On the same day, the Virginia Supreme Court handed down its decision in Lloyd v. Kime, Record No. 070190. In that case, the Court addressed the requirement set forth in Va. Code Section 8.01-581.20 that an expert witness must have an active clinical practice in the defendant's specialty or a related field of medicine within one year from the date of alleged negligence in order to qualify to testify regarding the standard of care.  The defendant physician in Lloyd was an orthopedist who had performed spinal surgery on the plaintiff. Plaintiff alleged, among other things, that the performance of the surgery and the post-operative care rendered by the defendant were below the standard of care. Plaintiff designated a single expert on the standard of care and causation, a neurologist. Plaintiff's injury was sustained in 2001; the neurologist had not performed spinal surgery since 1997. Defendant moved to exclude the testimony of plaintiff's expert on the grounds that he did not have an active clinical practice in the same or a related field of medicine (orthopedics) as required by Va. Code Section 8.01-581.20.

The Court held that as there was no evidence that plaintiff's expert had performed spinal surgery since 1997, plaintiff's expert had no active clinical practice (within one year of the alleged negligence) performing spinal surgery, and as such was not qualified to testify regarding intra- operative negligence.However, plaintiff's expert did present evidence that as a neurologist, he followed patients post- operatively, and had done so within a year of the alleged negligence. As there was evidence of overlap between an orthopedist's practice and a neurologist's practice with regard to post-operative care (and within the appropriate time frame), the Court found plaintiff's expert qualified to testify regarding the post-operative standard of care.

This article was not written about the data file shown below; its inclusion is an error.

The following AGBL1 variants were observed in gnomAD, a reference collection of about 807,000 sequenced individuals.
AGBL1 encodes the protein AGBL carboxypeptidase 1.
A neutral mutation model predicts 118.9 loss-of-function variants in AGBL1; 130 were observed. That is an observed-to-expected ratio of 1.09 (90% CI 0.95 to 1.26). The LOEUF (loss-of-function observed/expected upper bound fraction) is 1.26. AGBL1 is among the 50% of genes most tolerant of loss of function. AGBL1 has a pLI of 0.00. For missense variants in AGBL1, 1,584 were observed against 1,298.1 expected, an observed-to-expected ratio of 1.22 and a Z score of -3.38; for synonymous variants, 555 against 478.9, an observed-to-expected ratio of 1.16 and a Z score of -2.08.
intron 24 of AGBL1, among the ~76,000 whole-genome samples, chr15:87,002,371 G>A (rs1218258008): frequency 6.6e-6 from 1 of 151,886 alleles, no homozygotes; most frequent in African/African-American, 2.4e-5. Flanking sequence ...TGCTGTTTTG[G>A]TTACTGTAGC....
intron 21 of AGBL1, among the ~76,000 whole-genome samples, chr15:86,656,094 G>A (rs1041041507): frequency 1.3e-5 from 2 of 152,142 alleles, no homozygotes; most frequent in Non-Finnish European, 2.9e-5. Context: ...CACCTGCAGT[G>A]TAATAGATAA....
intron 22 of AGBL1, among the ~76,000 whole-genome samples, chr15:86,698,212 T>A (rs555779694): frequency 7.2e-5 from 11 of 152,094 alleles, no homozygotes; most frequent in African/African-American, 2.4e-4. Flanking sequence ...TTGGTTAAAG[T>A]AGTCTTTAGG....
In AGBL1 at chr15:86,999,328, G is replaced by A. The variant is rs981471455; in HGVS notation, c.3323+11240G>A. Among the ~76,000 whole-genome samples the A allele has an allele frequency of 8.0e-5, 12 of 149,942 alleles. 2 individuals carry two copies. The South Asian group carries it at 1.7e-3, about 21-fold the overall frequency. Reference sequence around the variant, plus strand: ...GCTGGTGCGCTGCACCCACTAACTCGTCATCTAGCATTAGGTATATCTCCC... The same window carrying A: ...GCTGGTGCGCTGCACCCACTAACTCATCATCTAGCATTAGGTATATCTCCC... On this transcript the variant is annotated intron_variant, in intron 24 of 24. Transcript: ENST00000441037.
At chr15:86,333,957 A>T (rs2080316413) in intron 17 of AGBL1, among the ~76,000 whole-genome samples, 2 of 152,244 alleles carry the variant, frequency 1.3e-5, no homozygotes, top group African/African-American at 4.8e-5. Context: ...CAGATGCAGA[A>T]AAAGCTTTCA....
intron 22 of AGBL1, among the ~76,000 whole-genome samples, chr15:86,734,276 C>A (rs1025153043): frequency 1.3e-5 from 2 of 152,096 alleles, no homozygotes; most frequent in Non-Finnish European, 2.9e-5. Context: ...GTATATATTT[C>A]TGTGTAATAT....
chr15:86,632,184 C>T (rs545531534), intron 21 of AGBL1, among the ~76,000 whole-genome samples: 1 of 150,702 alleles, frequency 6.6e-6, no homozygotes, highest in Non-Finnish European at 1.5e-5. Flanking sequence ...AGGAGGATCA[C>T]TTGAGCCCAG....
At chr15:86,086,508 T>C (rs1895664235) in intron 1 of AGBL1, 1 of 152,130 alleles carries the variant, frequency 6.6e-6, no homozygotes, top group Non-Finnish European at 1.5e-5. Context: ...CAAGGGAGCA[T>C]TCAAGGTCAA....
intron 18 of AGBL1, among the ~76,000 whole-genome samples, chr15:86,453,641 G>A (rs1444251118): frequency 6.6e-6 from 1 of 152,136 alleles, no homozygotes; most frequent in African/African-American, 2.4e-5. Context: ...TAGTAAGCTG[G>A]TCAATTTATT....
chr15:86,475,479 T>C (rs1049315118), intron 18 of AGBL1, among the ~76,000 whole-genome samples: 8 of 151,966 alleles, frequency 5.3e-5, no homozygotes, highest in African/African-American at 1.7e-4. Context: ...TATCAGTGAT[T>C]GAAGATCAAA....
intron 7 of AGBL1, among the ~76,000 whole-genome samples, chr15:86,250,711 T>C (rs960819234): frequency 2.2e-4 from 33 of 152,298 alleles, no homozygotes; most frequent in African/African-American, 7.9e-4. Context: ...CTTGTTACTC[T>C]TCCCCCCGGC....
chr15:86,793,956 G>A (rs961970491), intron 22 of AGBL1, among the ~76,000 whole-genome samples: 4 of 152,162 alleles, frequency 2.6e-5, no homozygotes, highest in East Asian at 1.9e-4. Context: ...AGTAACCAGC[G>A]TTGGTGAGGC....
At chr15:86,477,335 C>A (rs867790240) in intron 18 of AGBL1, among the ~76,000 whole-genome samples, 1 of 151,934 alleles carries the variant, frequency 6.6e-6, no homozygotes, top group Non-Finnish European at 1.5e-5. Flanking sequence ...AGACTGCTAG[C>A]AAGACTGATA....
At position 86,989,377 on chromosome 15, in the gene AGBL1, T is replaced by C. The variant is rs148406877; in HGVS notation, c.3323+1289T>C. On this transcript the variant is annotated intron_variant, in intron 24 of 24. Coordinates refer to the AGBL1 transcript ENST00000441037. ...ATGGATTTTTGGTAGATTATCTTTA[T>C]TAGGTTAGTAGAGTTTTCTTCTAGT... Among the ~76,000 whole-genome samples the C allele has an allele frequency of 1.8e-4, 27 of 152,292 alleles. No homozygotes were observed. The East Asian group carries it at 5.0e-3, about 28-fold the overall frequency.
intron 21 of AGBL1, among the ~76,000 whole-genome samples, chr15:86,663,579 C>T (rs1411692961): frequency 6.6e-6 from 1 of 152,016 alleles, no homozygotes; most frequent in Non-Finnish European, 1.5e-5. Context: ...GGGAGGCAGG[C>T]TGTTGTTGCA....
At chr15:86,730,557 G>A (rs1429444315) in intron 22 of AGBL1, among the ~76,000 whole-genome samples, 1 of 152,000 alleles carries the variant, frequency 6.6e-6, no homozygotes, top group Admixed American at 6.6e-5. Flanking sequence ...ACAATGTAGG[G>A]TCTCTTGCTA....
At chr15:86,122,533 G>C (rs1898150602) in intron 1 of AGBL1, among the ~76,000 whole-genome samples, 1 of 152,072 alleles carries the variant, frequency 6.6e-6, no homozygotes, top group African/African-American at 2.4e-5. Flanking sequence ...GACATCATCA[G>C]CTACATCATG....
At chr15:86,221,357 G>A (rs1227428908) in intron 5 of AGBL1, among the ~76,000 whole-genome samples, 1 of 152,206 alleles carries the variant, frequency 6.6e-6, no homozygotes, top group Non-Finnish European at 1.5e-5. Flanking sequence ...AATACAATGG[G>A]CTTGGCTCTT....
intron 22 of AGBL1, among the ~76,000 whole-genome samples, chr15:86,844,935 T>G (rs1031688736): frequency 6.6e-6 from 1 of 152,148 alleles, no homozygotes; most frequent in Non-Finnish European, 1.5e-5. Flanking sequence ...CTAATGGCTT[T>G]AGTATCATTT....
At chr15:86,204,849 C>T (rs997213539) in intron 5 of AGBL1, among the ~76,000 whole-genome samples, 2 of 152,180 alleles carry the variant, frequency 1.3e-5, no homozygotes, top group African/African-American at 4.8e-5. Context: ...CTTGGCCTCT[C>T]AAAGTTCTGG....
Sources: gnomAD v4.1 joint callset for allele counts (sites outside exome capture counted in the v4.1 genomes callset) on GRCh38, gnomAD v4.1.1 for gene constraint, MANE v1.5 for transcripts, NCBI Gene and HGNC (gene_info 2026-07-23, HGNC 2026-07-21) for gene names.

Finally, the plaintiff argued that the trial court had erred in excluding plaintiff's expert opinion on the issue of causation. The Virginia Supreme Court agreed, stating that the active clinical practice requirement of Va. Code Section 8.01-581.20 only pertains to whether an expert is qualified to speak to the standard of care; it does not speak to an expert's qualification to testify regarding causation.

The holdings in Coston and Lloyd underscore what defense attorneys and health care providers have known for some time--expert witnesses are critical in medical malpractice cases, and continue to be a focus of the Virginia Supreme Court.

For more information about Coston and Lloyd and their potential impact on litigation in Virginia, please contact Colleen M. Gentile at (703) 893-3600 or

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Disclaimer: This alert appears for general information purposes only. The information it contains does not consititute legal advice. While we endeavor to provide information that is accurate at the time of publication, the law differs in various jurisdictions and is subject to change at any time.